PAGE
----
CDC report shows danger at Camp Lejeune

Dec. 11, 2013 @ 09:46 PM

The horror of Camp Lejeune, already one of the worst cases of drinking water contamination in American history, continues to grow. So does the shame of the U.S. Marine Corps.

Recently, the U.S. Centers for Disease Control and Prevention confirmed a long-suspected link between toxic chemicals in drinking water at the base and an increased risk of birth defects and childhood cancer.

The contamination stretches back decades, with exposure ending in 1987, when the Marine Corps closed the last contaminated wells at the base.

Based on a survey of the parents of more than 12,000 children born at Lejeune between 1968 and 1985, the CDC concluded that pregnant women who drank tap water at the base were four times more likely to have babies with serious birth defects such as spina bifida. The study also found a slightly elevated risk for childhood cancers such as leukemia.

The study is limited in its findings. Researchers told The Associated Press that they were able to confirm only 52 cases of specific illnesses related to chemical exposure at Lejeune based on medical records. The cause can't be definitely shown for other birth defects and cancer diagnoses.

But the CDC study is the latest evidence of widespread health problems linked to leaks from a fuel depot at the base and a dry cleaner outside the base.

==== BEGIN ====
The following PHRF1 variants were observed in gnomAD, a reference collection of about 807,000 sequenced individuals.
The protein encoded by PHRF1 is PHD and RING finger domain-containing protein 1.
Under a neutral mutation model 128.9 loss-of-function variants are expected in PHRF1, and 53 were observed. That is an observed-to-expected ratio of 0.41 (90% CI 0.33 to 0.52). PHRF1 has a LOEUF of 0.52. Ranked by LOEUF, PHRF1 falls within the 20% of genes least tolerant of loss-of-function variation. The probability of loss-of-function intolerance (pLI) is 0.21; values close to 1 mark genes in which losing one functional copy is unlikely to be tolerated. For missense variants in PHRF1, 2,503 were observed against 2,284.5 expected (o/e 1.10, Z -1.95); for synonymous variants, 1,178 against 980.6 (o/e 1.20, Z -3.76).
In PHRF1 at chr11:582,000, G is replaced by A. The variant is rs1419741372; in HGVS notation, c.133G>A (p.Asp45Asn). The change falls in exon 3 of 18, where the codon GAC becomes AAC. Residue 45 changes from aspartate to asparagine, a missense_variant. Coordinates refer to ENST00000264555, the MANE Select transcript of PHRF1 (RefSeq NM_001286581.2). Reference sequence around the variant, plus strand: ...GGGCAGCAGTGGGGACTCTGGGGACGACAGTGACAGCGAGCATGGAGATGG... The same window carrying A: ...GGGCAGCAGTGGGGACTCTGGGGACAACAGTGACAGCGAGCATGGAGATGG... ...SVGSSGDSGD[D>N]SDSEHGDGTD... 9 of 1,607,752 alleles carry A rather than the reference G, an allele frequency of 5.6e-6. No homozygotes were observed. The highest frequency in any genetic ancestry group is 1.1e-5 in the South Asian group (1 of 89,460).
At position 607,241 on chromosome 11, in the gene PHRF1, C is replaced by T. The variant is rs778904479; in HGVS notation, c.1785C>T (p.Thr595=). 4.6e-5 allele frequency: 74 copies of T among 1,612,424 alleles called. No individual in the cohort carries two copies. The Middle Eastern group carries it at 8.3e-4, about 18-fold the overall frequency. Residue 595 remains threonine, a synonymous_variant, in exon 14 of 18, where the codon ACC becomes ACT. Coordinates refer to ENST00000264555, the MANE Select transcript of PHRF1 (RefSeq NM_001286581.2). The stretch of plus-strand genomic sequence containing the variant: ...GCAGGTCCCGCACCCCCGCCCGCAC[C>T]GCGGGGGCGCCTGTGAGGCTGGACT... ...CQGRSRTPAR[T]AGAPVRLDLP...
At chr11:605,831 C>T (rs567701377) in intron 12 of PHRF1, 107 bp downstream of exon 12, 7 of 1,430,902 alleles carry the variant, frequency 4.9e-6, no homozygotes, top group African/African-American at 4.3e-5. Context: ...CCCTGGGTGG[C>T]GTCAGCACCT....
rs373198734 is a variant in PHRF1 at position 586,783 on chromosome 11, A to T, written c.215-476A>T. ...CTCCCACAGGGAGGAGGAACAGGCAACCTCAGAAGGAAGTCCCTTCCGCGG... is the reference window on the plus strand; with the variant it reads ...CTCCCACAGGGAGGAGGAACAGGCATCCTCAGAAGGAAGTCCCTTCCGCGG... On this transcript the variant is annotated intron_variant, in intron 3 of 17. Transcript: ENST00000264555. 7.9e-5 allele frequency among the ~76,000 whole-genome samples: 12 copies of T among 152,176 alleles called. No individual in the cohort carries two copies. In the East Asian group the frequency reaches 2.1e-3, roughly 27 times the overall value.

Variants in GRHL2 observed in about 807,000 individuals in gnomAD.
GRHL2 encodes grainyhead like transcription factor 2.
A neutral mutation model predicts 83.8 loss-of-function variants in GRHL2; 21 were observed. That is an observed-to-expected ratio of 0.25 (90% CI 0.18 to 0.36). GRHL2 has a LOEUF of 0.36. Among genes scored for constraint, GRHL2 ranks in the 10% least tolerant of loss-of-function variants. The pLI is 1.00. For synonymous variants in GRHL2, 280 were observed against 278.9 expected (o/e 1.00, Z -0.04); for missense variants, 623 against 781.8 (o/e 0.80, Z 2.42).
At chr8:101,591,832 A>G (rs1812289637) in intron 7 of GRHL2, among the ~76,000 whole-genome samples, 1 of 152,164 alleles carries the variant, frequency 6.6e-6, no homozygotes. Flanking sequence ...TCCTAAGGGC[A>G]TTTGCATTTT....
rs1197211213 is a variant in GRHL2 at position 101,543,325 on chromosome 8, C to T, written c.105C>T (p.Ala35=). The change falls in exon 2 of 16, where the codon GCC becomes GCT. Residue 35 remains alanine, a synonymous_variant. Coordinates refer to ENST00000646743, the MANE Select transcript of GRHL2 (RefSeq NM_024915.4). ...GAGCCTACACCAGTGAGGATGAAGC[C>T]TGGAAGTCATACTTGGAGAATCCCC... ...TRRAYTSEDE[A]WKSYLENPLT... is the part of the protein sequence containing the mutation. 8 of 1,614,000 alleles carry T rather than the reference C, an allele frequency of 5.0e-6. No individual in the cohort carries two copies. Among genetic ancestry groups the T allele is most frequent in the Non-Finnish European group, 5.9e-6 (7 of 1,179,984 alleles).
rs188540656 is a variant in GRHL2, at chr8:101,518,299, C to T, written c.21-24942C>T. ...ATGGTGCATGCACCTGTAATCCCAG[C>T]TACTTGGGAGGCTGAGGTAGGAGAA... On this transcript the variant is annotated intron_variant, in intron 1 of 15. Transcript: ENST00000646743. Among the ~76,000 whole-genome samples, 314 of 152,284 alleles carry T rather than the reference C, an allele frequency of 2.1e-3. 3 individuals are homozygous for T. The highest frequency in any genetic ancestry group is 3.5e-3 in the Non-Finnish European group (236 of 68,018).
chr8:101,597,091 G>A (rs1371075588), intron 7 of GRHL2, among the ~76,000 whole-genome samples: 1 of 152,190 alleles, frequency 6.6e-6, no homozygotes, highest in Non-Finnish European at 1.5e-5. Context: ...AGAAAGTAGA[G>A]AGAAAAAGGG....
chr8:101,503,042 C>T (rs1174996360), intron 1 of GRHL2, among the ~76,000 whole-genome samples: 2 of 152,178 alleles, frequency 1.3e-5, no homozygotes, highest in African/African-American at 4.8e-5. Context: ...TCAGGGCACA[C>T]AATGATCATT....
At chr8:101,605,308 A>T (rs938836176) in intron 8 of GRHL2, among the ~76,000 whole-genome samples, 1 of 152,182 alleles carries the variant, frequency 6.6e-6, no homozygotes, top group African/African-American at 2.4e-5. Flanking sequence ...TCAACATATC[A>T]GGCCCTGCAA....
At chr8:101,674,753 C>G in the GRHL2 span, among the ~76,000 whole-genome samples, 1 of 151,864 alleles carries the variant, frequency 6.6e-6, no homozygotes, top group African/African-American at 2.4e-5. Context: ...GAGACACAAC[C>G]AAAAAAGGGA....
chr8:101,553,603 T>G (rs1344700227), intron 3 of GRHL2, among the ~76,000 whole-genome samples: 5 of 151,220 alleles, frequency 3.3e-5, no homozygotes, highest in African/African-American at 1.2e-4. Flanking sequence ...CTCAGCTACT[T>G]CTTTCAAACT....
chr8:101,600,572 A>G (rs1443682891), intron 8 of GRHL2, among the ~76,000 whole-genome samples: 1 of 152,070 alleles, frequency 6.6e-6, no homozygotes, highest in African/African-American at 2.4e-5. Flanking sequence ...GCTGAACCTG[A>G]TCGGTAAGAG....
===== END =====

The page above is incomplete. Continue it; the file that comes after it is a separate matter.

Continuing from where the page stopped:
Although some contaminants were addressed in federal regulations dating to 1963, the Marine Corps repeatedly downplayed health problems at Lejeune over the years and didn't take action until 1985.

By that time, an estimated 1 million Marines and their families had been exposed.

Last year, President Barack Obama signed legislation expanding health care resources for those individuals. (Information on compensation claims for Lejeune veterans and their families can be found at the Department of Veterans Affairs website at http://goo.gl/D48rJS.)

The compensation covers 15 health problems, including multiple forms of cancer. More than 80 men with connections to Lejeune have been diagnosed with a rare form of breast cancer.

For the Marine Corps and the VA, the mission remains much as it was before last week's news. They need to expedite claims and continue reaching out to veterans and their families and to any civilians who may have been exposed to carcinogens at the base.

Research also should continue on the extent of contamination. Among other things, the government needs to delve deeper into reports of problems related to storage of DDT and other insecticides in a building later used as a day care.

The government also must explore further when the contamination began. The legislation covers exposure beginning in 1957, but some research indicates at least one carcinogen may have been present as early as 1948.

Last week's CDC report was difficult but welcome news for Lejeune veterans and family members who've fought many years for answers.

The Marine Corps, the VA, the president and Congress need to continue working to address those concerns.

The loss of human life and the suffering cannot be reversed. But the Marine Corps can ensure it doesn't leave behind the men and women whose health was damaged at Lejeune.